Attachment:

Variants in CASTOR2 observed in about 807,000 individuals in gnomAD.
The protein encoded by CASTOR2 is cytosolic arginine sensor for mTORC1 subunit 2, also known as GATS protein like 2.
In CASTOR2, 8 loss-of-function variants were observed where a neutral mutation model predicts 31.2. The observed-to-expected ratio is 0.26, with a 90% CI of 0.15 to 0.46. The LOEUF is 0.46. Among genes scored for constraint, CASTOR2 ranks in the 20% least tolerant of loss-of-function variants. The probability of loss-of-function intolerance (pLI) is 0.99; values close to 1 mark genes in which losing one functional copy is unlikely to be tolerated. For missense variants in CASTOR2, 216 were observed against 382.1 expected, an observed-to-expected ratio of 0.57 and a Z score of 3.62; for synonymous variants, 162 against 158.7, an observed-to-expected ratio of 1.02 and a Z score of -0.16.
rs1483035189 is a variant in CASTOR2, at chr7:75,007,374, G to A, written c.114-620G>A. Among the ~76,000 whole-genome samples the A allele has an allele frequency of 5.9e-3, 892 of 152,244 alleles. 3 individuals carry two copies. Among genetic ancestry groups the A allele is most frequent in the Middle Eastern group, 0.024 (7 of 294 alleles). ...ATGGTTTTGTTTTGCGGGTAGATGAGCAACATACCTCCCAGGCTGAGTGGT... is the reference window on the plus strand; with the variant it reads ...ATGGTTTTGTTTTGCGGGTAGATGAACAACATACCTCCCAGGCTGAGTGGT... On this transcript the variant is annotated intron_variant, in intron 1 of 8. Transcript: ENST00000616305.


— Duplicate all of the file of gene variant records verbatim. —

Variants in CASTOR2 observed in about 807,000 individuals in gnomAD.
The protein encoded by CASTOR2 is cytosolic arginine sensor for mTORC1 subunit 2, also known as GATS protein like 2.
In CASTOR2, 8 loss-of-function variants were observed where a neutral mutation model predicts 31.2. The observed-to-expected ratio is 0.26, with a 90% CI of 0.15 to 0.46. The LOEUF is 0.46. Among genes scored for constraint, CASTOR2 ranks in the 20% least tolerant of loss-of-function variants. The probability of loss-of-function intolerance (pLI) is 0.99; values close to 1 mark genes in which losing one functional copy is unlikely to be tolerated. For missense variants in CASTOR2, 216 were observed against 382.1 expected, an observed-to-expected ratio of 0.57 and a Z score of 3.62; for synonymous variants, 162 against 158.7, an observed-to-expected ratio of 1.02 and a Z score of -0.16.
rs1483035189 is a variant in CASTOR2, at chr7:75,007,374, G to A, written c.114-620G>A. Among the ~76,000 whole-genome samples the A allele has an allele frequency of 5.9e-3, 892 of 152,244 alleles. 3 individuals carry two copies. Among genetic ancestry groups the A allele is most frequent in the Middle Eastern group, 0.024 (7 of 294 alleles). ...ATGGTTTTGTTTTGCGGGTAGATGAGCAACATACCTCCCAGGCTGAGTGGT... is the reference window on the plus strand; with the variant it reads ...ATGGTTTTGTTTTGCGGGTAGATGAACAACATACCTCCCAGGCTGAGTGGT... On this transcript the variant is annotated intron_variant, in intron 1 of 8. Transcript: ENST00000616305.